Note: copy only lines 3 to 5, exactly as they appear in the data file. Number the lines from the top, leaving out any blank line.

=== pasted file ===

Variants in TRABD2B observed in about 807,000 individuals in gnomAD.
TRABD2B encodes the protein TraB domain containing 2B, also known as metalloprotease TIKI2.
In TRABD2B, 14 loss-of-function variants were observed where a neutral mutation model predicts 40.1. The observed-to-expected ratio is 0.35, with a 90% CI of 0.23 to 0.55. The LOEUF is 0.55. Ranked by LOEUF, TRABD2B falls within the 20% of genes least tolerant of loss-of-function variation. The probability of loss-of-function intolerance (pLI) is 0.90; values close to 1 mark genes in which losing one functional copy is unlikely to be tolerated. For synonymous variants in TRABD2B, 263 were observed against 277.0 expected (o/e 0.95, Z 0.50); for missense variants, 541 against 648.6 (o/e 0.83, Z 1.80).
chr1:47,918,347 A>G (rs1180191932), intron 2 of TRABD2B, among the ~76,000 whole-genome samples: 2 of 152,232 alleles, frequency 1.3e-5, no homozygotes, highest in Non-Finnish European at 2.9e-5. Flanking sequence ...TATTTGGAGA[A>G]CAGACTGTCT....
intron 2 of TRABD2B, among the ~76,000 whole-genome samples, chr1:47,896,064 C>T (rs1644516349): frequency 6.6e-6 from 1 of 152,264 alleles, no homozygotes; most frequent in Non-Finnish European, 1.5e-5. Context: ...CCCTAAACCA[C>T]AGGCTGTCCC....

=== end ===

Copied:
In TRABD2B, 14 loss-of-function variants were observed where a neutral mutation model predicts 40.1. The observed-to-expected ratio is 0.35, with a 90% CI of 0.23 to 0.55. The LOEUF is 0.55. Ranked by LOEUF, TRABD2B falls within the 20% of genes least tolerant of loss-of-function variation. The probability of loss-of-function intolerance (pLI) is 0.90; values close to 1 mark genes in which losing one functional copy is unlikely to be tolerated. For synonymous variants in TRABD2B, 263 were observed against 277.0 expected (o/e 0.95, Z 0.50); for missense variants, 541 against 648.6 (o/e 0.83, Z 1.80).
chr1:47,918,347 A>G (rs1180191932), intron 2 of TRABD2B, among the ~76,000 whole-genome samples: 2 of 152,232 alleles, frequency 1.3e-5, no homozygotes, highest in Non-Finnish European at 2.9e-5. Flanking sequence ...TATTTGGAGA[A>G]CAGACTGTCT....
intron 2 of TRABD2B, among the ~76,000 whole-genome samples, chr1:47,896,064 C>T (rs1644516349): frequency 6.6e-6 from 1 of 152,264 alleles, no homozygotes; most frequent in Non-Finnish European, 1.5e-5. Context: ...CCCTAAACCA[C>T]AGGCTGTCCC....